Twenty of the biggest generic prescription drug makers are accused of committing a multi-billion-dollar fraud in the U.S. Forty-three states and Puerto Rico filed a complaint Friday alleging the companies coordinated to inflate prices and reduce competition on more than 100 generic prescription drugs.
"It's what we believe to be the biggest corporate cartel in history and probably the biggest antitrust price-fixing case in this country, certainly right now and maybe in our nation's history," Connecticut Attorney General William Tong said Monday on "CBS This Morning." Tong, who described the evidence in Sunday's, is leading the states' coalition against the generic drug companies.
"What's really troubling is it's clear that they're just going to break the law as long as they can afford to do so. You know, these are extraordinarily powerful forces that got away with price increases as high as 1,000, 2,000 [percent]. Last night on '60 Minutes,' they reported that a drug that I take, doxycycline, saw a price increase of 8,000 percent. And they've gotten away with it for such a long time and that's why it took more than 40 states coming together and taking them on, on behalf of the people of this country."
"We're blowing the lid off this whole thing because… this is an attack on the American people. It's a massive fraud that focuses on the drugs that we take every day," he added.
Tong said he was disturbed that "this was undertaken utterly without shame."
"It feels like it's just a routine feature of the industry," he said.
Tong credited Mike Cole, who leads the antitrust division in the Connecticut Attorney General's office, and Joe Nielsen, his lead prosecutor on this case, for uncovering the alleged collusion and investigating.
"What blew this thing wide open are the phone records. And we've gotten, I think, 11 million phone records, seven million documents and they started piecing it together," Tong said.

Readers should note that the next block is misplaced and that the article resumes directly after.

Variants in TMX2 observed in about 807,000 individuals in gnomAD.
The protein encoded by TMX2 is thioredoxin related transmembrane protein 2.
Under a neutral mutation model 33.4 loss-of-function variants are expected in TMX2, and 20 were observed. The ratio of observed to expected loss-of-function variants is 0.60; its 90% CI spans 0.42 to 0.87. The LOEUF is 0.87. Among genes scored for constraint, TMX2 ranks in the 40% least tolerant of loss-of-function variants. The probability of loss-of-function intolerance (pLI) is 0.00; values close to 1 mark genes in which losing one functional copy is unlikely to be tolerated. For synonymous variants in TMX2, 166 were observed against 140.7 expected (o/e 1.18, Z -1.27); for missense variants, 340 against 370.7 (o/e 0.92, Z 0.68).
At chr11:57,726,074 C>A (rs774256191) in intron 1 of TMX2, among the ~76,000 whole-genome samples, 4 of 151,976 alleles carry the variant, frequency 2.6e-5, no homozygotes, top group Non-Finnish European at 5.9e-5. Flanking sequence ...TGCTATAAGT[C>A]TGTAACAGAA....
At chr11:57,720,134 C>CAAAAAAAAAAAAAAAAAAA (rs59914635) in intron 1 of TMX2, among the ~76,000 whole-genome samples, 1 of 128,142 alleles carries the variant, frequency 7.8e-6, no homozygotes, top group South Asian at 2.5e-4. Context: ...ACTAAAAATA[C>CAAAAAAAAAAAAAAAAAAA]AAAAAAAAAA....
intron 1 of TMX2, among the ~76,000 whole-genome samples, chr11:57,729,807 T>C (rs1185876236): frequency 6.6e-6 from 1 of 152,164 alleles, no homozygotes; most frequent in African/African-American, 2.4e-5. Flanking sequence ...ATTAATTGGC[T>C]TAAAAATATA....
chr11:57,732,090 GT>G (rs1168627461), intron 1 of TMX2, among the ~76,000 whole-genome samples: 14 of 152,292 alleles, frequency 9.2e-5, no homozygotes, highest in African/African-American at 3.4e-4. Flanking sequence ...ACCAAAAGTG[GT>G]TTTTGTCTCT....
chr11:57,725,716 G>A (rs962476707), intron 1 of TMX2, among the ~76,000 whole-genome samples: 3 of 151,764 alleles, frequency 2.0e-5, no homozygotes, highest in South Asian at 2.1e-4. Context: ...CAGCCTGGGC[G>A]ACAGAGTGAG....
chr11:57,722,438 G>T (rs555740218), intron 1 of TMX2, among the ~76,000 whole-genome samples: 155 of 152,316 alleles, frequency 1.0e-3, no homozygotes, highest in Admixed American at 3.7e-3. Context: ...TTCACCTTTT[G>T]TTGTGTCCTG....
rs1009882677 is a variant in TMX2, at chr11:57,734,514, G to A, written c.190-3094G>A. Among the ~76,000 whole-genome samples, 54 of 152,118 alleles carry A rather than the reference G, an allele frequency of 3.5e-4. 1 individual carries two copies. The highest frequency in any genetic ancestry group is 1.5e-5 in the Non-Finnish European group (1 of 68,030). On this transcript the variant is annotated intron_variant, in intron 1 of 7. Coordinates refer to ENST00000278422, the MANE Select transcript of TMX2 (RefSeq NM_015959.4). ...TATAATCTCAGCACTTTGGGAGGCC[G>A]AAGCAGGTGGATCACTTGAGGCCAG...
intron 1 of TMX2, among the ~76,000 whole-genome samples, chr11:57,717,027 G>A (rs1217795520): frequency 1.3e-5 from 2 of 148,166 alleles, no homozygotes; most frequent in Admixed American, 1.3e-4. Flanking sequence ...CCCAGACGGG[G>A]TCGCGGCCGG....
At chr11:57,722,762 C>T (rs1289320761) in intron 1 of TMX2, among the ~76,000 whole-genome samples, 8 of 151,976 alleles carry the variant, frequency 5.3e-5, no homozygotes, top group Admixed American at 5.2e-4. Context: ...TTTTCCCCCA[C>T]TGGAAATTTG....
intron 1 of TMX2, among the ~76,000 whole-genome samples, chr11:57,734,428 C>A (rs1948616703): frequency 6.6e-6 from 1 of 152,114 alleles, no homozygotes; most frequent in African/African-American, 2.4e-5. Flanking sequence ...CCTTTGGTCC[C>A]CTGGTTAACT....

Around the times of the price increases of certain generic drugs, Tong said competitors starting calling each other at high rates.
"High-frequency contacts between competitors, sometimes for a minute, two minutes, 45 minutes. Teva talking to Mylan, talking like to Sandoz, back and forth, representatives of these companies having conversations which are highly illegal when you talk about price-fixing," Tong said.
The Department of Justice has launched an investigation and Connecticut has filed two lawsuits.
"We want to hold them accountable. And, as I said last night on '60 Minutes,' we want to claw back the money that they stole from the American people," Tong said.
CBS News reached out to the Association for Accessible Medicines, a trade group that represents generic prescription drug companies. Those companies, which include Teva, Mylan, and Sandoz, deny engaging in any illegal collusion. In a statement, the association said it is "committed to supporting policies that promote competition." It also notes prices have declined overall in the last three years.